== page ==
The New Hampshire Department of Transportation is deciding whether to proceed with the Conway Bypass, while struggling with a lack of funds to complete the project.
Morning Edition Host Rick Ganley spoke with William Cass, the Assistant Commissioner and Chief Engineer for the department on the future of the project.
(Editor’s note: This transcript has been edited lightly for clarity.)
This has been talked about dating back to the 80s. Two of the project's components have already been completed. A North-South road that was built, and the department rebuilt and upgraded some of the existing roadways in Conway. How has the already completed construction benefited Conway and the region in general?
I think a lot of the local infrastructure that's been done has helped movement in and around the bottleneck of the strip. Certainly, it facilitates local movement both along the North-South local road, and you know west side road tends to be a local work around from the congestion on Route 16 proper. So those roads especially in the North-South local road has seen more traffic than we had projected when it was originally built.
The Department held a hearing in Conway recently to gather public opinion on the project, and some residents were still in support of completing it. Others say it's no longer needed, and you know would be too expensive to go on and finish the last leg of this. Which way is the department leaning?
Well we were kind of gathering that feedback right now. I think the bigger issue right now is what to do with the corridor. Much of the right of way, about 75 percent of it, has already been purchased and laid out. We don't see being able to find the revenue to construct the bypass in the foreseeable future. So, the big debate and the purpose of that meeting up in Conway was to ask those questions: What does the public feel? What does the municipality feel should be done with the quarter? Are we saying that it will never be built, that it’s never needed? Is it something we should retain and hold on to for maybe potential future needs? There was the number of people who, you know, had the opinion that building more highways and more roads, especially through the Soco River Valley just wasn't what we should be looking for. There was a lot of feeling that the corridor at least should be retained, whether it be for some future transportation need, or for some local alternative transportation uses, pathways, and recreational trails. We're looking at right now to build the Conway bypass would be about $175 million in today's dollars, and in context, that's about our entire program for a year. So it's a daunting cost of trying to consider doing that.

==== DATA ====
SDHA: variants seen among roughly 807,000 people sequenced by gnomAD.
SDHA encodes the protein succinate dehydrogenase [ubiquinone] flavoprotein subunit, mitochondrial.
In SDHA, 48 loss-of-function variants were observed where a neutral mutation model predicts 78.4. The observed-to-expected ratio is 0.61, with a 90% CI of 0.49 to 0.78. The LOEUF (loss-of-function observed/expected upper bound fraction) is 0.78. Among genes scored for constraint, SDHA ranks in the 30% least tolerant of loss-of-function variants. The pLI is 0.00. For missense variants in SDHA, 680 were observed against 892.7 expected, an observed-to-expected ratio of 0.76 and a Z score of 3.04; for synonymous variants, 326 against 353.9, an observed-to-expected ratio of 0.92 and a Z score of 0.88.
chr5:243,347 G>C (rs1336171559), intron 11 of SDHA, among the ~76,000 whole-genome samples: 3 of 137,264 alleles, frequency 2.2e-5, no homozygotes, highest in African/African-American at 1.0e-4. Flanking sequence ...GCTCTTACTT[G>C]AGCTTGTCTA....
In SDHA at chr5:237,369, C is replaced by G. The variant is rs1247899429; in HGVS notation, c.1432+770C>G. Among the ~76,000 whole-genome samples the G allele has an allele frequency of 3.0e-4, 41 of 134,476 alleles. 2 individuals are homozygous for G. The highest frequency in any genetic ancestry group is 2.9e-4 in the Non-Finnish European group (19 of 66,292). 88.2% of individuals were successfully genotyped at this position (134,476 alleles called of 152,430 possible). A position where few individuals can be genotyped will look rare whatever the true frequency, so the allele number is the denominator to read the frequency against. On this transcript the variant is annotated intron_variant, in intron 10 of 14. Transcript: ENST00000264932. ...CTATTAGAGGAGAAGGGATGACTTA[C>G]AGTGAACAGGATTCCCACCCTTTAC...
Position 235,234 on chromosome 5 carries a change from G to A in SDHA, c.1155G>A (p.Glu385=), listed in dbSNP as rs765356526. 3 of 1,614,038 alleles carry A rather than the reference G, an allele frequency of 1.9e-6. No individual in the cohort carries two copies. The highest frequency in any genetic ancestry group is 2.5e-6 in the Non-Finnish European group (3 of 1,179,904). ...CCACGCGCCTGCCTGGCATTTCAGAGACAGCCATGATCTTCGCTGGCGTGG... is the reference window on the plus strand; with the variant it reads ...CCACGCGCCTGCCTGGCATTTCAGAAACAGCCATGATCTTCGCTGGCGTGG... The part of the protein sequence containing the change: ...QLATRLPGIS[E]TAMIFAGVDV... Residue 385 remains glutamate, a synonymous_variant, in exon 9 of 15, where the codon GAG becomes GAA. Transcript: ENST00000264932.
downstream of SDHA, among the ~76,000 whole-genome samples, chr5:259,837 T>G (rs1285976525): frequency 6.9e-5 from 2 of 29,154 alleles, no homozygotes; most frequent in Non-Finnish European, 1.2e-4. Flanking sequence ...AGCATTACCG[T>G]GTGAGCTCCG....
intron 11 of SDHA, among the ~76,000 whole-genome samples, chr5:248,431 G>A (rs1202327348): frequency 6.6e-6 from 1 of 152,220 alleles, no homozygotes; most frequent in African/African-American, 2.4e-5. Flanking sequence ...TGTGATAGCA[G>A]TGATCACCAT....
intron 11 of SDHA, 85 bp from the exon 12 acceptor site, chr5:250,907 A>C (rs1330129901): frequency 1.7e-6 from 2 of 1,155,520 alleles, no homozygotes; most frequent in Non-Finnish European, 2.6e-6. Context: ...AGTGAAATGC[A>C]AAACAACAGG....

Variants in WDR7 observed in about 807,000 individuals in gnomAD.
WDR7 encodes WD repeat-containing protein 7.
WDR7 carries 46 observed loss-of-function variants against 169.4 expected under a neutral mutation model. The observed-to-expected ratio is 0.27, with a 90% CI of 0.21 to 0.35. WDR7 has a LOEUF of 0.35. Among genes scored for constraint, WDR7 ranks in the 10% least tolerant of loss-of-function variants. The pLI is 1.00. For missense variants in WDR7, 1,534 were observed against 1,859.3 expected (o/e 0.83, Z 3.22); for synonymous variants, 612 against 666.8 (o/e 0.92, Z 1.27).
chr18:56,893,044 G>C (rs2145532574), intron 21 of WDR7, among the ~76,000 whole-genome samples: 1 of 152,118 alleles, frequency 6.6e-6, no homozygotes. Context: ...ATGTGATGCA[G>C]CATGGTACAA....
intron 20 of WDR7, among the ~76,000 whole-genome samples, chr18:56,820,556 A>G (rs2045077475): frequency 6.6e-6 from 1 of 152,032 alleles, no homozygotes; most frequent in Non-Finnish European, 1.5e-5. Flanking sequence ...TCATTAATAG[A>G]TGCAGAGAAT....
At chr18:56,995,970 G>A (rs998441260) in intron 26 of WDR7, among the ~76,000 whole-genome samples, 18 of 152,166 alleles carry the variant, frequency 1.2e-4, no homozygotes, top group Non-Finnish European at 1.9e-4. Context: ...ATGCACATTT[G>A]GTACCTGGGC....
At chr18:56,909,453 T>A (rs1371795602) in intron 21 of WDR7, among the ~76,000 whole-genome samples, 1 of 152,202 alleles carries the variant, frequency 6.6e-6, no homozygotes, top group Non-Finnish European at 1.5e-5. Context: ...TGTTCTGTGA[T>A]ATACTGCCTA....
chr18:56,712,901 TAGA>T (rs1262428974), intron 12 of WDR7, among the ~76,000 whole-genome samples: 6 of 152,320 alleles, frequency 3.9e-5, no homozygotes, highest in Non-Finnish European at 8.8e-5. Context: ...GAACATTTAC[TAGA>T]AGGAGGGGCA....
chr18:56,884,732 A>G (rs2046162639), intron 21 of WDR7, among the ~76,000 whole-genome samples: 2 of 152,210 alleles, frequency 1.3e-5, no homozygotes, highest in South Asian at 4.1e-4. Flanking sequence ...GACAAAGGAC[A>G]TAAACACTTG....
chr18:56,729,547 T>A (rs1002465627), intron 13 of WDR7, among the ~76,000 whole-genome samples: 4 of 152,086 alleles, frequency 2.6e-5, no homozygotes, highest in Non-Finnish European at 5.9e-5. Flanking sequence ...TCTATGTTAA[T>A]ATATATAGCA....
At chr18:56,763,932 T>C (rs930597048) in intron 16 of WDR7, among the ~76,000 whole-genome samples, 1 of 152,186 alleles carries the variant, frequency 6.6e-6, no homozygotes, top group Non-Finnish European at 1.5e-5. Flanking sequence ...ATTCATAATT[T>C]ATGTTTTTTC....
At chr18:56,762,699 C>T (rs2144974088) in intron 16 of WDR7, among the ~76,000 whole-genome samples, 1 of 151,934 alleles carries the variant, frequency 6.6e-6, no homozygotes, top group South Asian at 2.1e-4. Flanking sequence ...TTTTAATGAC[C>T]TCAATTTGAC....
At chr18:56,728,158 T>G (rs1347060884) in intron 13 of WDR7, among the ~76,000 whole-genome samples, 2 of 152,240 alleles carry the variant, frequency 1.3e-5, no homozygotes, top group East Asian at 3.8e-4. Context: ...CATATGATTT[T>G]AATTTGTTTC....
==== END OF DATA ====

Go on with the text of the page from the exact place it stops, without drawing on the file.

And so far you spend some $44 million to purchase properties in that corridor. So the idea right now the department's leaning to is let's hold on to it and save it for future use?
That's been a lot of the feedback that we've heard. One issue that complicates that is because we use federal funds to acquire this right of way, and if the product doesn't move forward to construction, we are obligated to pay those federal funds back. Do we, you know, pay back those funds and hold onto the corridor for future transportation use? Or do we try to resell the properties that we bought to recoup some of the costs that we've put in and have to reimburse federal highway. The cost of the right of way that we've acquired along the bypass route is about $19 million. We are focused with our current program really on preserving and maintaining the existing infrastructure. In an age when we're having difficulties just keeping up with maintaining what we've got, looking at a significant expenditure for a new project, even if the funding were somehow available, is something needs to be considered.